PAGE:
THE release of the Independent Review of Lower Lakes Science Informing Water Management has prompted a mixed response from water ministers, irrigators and the Murray-Darling Basin Authority.
MDBA chief executive Phillip Glyde said the report confirmed his organisation's management of the Lower Lakes was based on good science.
"The lakes were fresh, the lakes are fresh and removal of the barrages will make the those lakes salty - and that is contrary to the existing international commitments we've made to protect the environment, economic, social and cultural values," Mr Glyde said.
If the barrages were removed, Mr Glyde said more water would need to move down the system to keep the lakes fresh.
"If we need more water to keep those lakes fresh because we've let salt water in from the sea, then we need to take more water back from industry and that would be a disaster," he said.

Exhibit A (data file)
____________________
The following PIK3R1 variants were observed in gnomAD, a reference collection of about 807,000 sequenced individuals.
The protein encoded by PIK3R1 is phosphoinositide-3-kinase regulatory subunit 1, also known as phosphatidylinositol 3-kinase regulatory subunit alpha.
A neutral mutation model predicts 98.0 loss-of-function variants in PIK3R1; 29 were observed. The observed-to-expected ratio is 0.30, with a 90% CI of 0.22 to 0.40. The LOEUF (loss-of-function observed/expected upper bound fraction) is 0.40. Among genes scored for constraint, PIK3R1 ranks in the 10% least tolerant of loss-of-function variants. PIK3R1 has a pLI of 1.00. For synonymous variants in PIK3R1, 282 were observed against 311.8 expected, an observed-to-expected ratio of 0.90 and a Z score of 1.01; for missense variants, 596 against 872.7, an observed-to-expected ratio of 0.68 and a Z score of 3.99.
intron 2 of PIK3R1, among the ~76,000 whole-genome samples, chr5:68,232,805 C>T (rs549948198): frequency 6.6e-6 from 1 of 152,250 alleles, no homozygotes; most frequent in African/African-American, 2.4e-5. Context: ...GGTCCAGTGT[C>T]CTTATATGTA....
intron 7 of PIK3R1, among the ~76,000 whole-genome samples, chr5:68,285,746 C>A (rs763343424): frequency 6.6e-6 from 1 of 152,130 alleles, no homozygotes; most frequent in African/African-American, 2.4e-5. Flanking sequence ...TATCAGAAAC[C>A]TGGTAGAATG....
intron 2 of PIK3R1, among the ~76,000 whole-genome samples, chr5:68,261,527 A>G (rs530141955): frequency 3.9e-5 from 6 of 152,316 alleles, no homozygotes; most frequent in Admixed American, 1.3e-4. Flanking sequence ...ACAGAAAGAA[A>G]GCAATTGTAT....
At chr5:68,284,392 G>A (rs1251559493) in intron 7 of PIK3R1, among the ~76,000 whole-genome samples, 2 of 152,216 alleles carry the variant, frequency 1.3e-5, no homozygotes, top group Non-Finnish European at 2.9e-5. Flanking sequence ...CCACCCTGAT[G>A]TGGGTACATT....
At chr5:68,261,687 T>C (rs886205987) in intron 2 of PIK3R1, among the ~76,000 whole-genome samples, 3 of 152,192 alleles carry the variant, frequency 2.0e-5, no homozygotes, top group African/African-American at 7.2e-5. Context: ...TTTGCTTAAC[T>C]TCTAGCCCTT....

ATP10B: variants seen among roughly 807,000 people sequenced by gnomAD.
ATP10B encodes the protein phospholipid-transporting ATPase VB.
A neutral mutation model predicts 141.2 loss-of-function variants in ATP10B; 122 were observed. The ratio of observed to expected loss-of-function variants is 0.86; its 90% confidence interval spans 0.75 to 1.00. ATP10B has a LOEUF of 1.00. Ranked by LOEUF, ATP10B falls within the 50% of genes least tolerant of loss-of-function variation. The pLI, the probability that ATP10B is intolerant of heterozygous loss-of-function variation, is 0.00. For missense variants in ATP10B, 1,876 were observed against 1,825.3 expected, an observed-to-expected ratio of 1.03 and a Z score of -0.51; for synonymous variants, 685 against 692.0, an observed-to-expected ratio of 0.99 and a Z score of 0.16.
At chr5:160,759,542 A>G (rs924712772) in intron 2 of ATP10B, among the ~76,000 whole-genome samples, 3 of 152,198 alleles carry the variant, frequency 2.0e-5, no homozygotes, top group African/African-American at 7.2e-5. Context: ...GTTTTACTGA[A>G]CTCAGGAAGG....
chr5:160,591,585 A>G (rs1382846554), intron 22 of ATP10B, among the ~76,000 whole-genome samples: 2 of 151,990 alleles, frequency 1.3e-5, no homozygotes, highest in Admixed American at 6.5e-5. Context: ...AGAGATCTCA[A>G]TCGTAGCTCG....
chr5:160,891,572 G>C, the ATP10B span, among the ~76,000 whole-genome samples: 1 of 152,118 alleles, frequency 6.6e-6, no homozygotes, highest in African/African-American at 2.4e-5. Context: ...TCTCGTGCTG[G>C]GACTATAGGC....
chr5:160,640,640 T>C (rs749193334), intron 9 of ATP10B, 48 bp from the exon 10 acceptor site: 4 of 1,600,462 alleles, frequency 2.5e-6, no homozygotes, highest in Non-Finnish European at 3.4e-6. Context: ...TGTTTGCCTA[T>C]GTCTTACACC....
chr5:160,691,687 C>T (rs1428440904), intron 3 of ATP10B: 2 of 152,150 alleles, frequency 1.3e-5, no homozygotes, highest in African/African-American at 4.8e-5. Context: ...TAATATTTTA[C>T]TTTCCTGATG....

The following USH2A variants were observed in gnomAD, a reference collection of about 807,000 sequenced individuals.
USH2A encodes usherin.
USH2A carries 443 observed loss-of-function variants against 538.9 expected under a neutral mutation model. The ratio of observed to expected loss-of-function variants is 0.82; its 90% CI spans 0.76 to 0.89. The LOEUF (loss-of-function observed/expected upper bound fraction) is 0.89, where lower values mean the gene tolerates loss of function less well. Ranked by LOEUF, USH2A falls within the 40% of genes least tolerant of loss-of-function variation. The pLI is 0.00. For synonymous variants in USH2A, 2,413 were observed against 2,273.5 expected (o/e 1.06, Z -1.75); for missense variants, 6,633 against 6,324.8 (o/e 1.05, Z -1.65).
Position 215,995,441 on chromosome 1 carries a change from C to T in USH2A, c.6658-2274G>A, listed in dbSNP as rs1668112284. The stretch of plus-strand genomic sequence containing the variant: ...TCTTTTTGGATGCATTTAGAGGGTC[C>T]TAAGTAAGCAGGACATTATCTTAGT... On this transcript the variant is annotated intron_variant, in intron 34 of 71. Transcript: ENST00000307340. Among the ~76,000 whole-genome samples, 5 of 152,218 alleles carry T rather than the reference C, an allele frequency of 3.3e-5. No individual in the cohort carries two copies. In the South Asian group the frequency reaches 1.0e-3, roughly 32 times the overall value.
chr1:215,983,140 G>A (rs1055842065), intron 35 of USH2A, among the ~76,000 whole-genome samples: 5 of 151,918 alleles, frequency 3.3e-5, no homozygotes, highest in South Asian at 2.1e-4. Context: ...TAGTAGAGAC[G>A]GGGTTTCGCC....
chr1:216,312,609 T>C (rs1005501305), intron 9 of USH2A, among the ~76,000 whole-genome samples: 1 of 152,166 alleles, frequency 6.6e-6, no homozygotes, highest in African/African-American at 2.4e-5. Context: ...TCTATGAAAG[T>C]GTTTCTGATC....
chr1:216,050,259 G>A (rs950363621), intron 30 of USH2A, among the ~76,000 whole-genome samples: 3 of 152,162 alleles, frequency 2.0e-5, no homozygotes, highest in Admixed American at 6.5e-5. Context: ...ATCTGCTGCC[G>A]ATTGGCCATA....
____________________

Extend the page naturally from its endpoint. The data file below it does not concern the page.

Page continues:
"The barrages were, and are, an investment in keeping irrigation industries upstream going."
But SA Murray Irrigators chair Caren Martin feared the report created more uncertainty for irrigators and their communities.
"This report implies more water may be needed for the environment - and the more water becomes scarce, the less supply comes into the water market and the higher the water market price - putting more people out of business," she said.
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